When a child is dealing with anxiety or depression, they may try to put on a brave face to cover up their emotions and hide how they feel from others. They may also choose to keep their thoughts and feelings to themselves, as a result of being too scared or embarrassed about what they are going through. This can stop them from reaching out for the help and support that they need to get better.

It is valuable for those looking after children and teenagers to be able to recognise the signs and symptoms of anxiety and depression so that they can take steps to support the child. 

Teenage depression and childhood anxiety guides 

Priory Group has put together guides on childhood anxietyand teenage depressioncontaining valuable advice and information on the mental health conditions. 

These guides are useful for parents, carers and guardians. They outline the signs and symptoms of anxiety and depression, and recommend effective support and treatment. 

The guides also recommend ways to talk to a child about their thoughts and feelings. Having conversations on the topic of mental health, what it is and how it can be treated can be incredibly valuable. These discussions can remove any stigma surrounding mental health and can help children to recognise that it’s ok to open up about their thoughts and feelings.

For children and teenagers who are experiencing mental health conditions such as anxiety and depression, it is important that they get access to treatment as early as possible so that they can manage their condition, and recover in the long term. These guides outline the treatment and therapies that can be provided at places like the Priory, which can help a child to make positive changes and learn strategies to help them stay well in the future. 

100 Questions App – Update

Back in May 2018 we launched the ‘100 Questions – Youth’ app in the Apple App Store and over the last few months it’s been great to hear stories of people using it in their youth ministry. The app cost (and still costs) 99p…which we don’t think is a lot to ask for a youth work resource.

Last week we pushed an update to the App Store with a new design and some tweaks under the hood (including making sure questions didn’t repeat any more during a session).

Today we have launched our ‘Lent and Easter Questions’ pack which is an in-app purchase. For 99p you can add an extra 50 questions to your app which focus on themes found throughout Easter and Lent.

Some questions include:

  • Do you have any Easter family traditions?
  • What gives you hope?
  • What can you do to show God’s love to others?
  • Where in the world do you see ‘new life’?
  • How do you like your eggs? Fried? Poached? Scrambled? Some other way?!

We hope this new pack will continue to help you engage young people in conversation.

Download the 100 Questions – Youth App Today!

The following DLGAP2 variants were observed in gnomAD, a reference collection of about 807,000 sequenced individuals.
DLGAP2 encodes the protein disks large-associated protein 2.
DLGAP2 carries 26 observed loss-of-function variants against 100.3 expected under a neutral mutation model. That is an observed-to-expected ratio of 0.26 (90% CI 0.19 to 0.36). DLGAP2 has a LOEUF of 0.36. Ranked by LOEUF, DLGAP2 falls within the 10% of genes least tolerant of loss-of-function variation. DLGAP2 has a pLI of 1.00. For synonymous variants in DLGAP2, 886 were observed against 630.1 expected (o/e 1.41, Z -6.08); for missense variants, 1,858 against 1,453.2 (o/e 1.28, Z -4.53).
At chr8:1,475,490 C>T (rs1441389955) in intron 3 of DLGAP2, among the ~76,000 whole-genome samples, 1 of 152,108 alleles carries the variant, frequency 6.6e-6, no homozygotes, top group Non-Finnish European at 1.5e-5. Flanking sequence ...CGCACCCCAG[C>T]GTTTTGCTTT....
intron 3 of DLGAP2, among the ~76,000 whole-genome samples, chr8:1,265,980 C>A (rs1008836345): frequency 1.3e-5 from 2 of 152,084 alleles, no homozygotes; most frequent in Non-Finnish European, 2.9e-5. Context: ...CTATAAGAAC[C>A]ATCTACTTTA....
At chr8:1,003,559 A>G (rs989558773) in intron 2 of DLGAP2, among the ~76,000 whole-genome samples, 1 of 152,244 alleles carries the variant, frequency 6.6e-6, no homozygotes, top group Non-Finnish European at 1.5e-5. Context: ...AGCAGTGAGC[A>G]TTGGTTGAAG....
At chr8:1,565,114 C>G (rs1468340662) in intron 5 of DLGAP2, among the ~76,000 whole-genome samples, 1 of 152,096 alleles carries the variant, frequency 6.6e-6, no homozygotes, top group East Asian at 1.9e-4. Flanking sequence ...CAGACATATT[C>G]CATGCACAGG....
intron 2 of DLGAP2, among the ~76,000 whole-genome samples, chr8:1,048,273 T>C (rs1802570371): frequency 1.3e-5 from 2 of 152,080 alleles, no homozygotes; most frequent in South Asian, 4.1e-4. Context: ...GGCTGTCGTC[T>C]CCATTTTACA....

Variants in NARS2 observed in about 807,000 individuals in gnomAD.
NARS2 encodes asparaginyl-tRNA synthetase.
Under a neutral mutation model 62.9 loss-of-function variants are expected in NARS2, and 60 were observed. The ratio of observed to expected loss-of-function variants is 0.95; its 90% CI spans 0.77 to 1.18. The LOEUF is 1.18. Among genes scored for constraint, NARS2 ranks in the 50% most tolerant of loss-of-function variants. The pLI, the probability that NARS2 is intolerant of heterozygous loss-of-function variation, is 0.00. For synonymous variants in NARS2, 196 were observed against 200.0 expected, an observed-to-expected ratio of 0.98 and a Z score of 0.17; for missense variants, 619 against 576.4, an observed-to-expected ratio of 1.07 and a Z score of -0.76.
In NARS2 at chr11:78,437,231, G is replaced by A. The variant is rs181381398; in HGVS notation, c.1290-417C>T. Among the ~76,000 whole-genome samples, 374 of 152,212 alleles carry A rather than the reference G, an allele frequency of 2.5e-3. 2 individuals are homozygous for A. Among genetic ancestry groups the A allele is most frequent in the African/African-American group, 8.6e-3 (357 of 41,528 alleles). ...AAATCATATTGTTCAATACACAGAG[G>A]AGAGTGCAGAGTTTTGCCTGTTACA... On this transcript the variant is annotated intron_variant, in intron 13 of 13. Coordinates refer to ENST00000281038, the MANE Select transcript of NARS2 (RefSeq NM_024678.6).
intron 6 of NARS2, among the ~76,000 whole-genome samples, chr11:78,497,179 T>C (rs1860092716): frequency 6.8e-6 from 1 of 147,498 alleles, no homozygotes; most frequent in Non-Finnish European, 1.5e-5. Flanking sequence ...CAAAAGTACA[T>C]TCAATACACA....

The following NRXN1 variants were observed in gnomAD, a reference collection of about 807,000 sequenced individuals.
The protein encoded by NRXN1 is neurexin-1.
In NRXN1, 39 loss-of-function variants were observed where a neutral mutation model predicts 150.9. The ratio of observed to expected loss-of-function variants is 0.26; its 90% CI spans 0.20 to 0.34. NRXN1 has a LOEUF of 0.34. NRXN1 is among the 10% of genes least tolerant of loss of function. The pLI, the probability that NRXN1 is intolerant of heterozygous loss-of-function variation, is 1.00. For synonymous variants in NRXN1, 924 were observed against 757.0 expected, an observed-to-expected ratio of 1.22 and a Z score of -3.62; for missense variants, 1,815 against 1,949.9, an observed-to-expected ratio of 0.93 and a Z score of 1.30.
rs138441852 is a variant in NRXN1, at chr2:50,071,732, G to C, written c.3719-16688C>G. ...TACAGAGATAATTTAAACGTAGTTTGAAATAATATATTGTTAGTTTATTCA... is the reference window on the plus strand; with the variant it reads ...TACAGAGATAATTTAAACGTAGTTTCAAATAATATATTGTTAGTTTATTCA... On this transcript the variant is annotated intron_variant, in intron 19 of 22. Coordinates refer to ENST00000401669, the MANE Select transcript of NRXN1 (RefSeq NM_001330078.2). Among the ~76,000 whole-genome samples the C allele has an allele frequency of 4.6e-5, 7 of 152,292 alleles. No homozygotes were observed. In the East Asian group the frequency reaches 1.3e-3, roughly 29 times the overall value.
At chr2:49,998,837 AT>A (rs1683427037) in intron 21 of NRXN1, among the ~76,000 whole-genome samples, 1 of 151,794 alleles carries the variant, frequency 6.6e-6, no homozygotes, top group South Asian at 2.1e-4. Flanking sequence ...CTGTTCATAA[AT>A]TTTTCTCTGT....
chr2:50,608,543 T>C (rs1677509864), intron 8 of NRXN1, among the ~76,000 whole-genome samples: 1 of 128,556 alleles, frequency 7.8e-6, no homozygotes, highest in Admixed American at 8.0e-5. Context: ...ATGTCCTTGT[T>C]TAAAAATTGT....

Pssst…we’re currently working on adding an extra free pack all about social media!

Shoebox Appeal Alternatives

With more and more people wishing to find an alternative to Samaritan’s Purse* (often thanks to the controversial beliefs and actions of Franklin Graham) we’ve put together a list of alternatives to the Christmas shoebox appeal you could use with your church.

1 – If you still want to put together a shoebox!

Filling a shoebox is a fantastic opportunity that children, young people and families all engage with and so many people still want an opportunity to do the same activity but to support a more ethical cause.

If this is you then you might want to:

  • Check out local charities – Many local charities that operate in other countries still do shoe boxes. I live in Essex and a couple of local charities encourage people to put together shoeboxes for countries like Romania. This local link is brilliant as you can often hear stories of how your gift has made a difference first hand…you could also arrange a mission trip for some young people to join the trip to hand out shoeboxes.
  • One example of the above is Essex based charity Cry in the Dark. Check their appeal out here.
  • Google Search your town and shoebox appeal. For example a quick google search for ‘Southend shoebox appeal’ tells me that there’s a shoebox appeal to help local homeless people.
  • Link to Hope – This Christian charity organises a shoebox appeal – Details here

2 – Other Ideas
If the idea of a shoebox doesn’t bother you then here are a few other ideas for making a difference in the lives of others at Christmas.

  • Salvation Army – Each year the Salvation Army run a Christmas Present Appeal. This let’s you buy a gift for a child or young person which is donated to your local Salvation Army centre and given to a child or young person who may not otherwise get something. This is a brilliant way to make an impact in your local community. Details here.
  • Refuge – Refuge supports women and children who have suffered domestic violence. They run an appeal that lets you raise money to buy a refuge parcel. Details here.
  • Oxfam – Oxfam let you buy gifts that help others. You could raise money to buy a goat, safe water, support a refugee or do all sorts of things. Details here.
  • Pick another charity! – Pick a charity your church, youth or children’s group are passionate about and do a fundraiser to raise money for them this Christmas (or just encourage people to donate on top of their Christmas spending)

*Don’t get us wrong…supporting the shoebox appeal of Samaritan’s Purse still makes a huge difference in the lives of children…but there are other options!

We made an app! – 100 Questions – Youth

I’m really excited to announce that Youth Work Resource has created an iOS app!

100 Questions is available now on the Apple App store and is a simple to use app containing 100 questions for use with young people.

The questions cover a range of topics including:

  • Getting to know each other
  • Hopes and dreams
  • Beliefs
  • Social justice

To use the app you simply download it from the iOS App store, open it up and you’re presented with one of the questions. To move onto the next question you tap the button at the base of the screen or shake your device. The 100 questions are displayed in a random order.

There’s a few ideas on how you could use the app over on the app’s webpage here.

Get 100 Questions on the app store today!

Whilst we usually try and make our resources free this one has a small charge because making apps and getting them onto the app store isn’t cheap however it’s cheaper than many resources out there and will only set you back £1.99 (or just 99p until the end of August!)